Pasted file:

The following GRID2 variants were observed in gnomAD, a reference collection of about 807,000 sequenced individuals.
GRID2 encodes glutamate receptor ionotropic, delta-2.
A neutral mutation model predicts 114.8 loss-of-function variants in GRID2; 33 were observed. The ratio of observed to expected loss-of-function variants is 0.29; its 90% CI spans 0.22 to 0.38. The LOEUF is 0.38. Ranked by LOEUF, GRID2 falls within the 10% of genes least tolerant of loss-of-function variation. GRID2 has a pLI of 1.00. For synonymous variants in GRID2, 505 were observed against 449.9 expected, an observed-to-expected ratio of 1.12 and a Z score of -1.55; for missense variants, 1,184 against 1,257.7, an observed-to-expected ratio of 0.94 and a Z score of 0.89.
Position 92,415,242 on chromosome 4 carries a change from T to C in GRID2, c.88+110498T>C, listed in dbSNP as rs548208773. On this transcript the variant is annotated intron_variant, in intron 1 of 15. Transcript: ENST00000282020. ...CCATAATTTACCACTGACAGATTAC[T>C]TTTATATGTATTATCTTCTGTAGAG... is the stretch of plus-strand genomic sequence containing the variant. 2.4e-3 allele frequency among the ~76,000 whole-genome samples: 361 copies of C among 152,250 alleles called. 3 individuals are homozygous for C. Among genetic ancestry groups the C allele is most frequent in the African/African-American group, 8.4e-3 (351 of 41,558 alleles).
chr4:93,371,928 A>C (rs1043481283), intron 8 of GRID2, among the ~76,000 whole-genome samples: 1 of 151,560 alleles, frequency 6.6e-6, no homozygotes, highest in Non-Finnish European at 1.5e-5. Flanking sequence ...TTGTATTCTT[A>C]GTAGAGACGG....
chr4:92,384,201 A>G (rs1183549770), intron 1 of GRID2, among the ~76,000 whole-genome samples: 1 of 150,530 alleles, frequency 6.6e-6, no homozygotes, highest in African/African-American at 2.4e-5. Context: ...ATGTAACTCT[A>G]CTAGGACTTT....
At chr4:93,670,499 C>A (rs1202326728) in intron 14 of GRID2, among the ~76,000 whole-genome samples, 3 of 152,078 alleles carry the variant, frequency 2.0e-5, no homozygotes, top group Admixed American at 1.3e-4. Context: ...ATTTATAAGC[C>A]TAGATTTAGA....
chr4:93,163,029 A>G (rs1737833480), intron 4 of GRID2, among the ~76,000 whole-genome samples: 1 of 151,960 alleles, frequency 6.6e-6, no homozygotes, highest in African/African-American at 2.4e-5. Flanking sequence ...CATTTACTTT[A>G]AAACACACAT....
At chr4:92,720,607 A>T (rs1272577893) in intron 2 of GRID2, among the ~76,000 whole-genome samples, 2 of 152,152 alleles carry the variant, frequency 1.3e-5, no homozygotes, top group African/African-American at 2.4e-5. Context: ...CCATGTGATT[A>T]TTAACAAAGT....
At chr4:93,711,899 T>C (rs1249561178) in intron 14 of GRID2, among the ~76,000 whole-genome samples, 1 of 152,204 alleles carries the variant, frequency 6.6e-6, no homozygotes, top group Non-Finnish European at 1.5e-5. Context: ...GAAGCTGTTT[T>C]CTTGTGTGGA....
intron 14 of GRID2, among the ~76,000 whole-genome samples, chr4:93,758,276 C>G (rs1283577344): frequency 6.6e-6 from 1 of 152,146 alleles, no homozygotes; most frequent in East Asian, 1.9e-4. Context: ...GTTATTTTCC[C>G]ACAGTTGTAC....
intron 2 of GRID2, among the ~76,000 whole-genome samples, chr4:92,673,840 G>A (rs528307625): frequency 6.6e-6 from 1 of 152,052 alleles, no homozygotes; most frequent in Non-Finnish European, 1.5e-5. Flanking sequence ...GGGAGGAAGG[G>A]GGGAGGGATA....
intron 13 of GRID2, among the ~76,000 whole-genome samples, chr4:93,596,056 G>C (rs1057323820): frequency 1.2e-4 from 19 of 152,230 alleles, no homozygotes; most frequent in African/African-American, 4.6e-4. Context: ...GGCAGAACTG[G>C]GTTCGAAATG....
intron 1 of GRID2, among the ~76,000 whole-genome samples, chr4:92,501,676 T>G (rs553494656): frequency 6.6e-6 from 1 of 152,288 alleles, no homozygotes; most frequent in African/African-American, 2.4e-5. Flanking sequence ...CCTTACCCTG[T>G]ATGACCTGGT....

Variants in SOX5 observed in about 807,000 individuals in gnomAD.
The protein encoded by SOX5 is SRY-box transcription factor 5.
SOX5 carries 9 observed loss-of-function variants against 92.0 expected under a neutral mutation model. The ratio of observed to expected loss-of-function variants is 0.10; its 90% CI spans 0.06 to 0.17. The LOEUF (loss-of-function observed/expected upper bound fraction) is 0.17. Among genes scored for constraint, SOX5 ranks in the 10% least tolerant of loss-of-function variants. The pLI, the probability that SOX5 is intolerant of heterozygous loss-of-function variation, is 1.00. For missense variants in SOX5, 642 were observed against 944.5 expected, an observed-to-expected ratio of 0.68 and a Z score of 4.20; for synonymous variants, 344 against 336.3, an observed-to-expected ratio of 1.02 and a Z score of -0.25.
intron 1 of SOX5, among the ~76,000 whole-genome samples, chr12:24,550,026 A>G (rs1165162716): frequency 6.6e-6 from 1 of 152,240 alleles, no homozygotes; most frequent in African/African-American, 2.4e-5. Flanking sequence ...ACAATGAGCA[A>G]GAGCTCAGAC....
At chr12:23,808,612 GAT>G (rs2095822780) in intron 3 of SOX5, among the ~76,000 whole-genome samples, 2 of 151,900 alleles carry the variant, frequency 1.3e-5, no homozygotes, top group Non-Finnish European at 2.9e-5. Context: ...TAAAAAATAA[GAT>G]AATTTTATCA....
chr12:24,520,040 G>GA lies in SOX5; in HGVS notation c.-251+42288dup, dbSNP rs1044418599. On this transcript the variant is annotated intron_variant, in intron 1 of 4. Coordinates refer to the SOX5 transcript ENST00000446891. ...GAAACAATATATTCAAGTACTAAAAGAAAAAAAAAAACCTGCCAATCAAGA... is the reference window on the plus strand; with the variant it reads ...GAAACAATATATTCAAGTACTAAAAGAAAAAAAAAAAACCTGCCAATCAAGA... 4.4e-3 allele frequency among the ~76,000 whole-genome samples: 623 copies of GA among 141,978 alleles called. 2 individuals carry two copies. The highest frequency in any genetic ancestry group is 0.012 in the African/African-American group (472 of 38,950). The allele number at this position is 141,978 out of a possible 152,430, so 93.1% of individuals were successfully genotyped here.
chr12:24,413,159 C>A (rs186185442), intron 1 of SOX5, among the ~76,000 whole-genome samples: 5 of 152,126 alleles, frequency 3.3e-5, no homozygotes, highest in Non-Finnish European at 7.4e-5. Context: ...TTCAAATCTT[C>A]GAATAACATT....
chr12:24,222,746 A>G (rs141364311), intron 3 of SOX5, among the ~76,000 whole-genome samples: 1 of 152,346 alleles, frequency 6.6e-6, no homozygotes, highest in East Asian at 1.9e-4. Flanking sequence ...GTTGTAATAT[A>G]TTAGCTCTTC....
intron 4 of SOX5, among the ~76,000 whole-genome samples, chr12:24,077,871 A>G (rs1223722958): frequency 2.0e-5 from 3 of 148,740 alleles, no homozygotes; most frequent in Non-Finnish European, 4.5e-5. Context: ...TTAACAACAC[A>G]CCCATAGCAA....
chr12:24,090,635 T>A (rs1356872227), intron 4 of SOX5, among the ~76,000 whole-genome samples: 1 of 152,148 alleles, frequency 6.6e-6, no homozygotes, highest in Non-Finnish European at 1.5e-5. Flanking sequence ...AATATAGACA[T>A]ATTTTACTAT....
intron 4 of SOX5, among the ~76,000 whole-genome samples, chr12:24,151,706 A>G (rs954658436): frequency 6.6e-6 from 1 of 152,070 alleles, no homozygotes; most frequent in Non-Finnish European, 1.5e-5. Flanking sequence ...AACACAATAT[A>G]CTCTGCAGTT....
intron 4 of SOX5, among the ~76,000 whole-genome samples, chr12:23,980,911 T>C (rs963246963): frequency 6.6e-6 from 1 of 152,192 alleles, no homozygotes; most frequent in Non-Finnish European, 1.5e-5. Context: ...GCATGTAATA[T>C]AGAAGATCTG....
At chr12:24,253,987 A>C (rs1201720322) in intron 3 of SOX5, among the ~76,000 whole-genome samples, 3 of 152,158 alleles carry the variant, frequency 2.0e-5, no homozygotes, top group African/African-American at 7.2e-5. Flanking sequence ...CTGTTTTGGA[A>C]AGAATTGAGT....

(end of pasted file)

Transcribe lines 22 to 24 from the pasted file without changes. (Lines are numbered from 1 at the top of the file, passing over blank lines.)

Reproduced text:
chr12:24,222,746 A>G (rs141364311), intron 3 of SOX5, among the ~76,000 whole-genome samples: 1 of 152,346 alleles, frequency 6.6e-6, no homozygotes, highest in East Asian at 1.9e-4. Flanking sequence ...GTTGTAATAT[A>G]TTAGCTCTTC....
intron 4 of SOX5, among the ~76,000 whole-genome samples, chr12:24,077,871 A>G (rs1223722958): frequency 2.0e-5 from 3 of 148,740 alleles, no homozygotes; most frequent in Non-Finnish European, 4.5e-5. Context: ...TTAACAACAC[A>G]CCCATAGCAA....
chr12:24,090,635 T>A (rs1356872227), intron 4 of SOX5, among the ~76,000 whole-genome samples: 1 of 152,148 alleles, frequency 6.6e-6, no homozygotes, highest in Non-Finnish European at 1.5e-5. Flanking sequence ...AATATAGACA[T>A]ATTTTACTAT....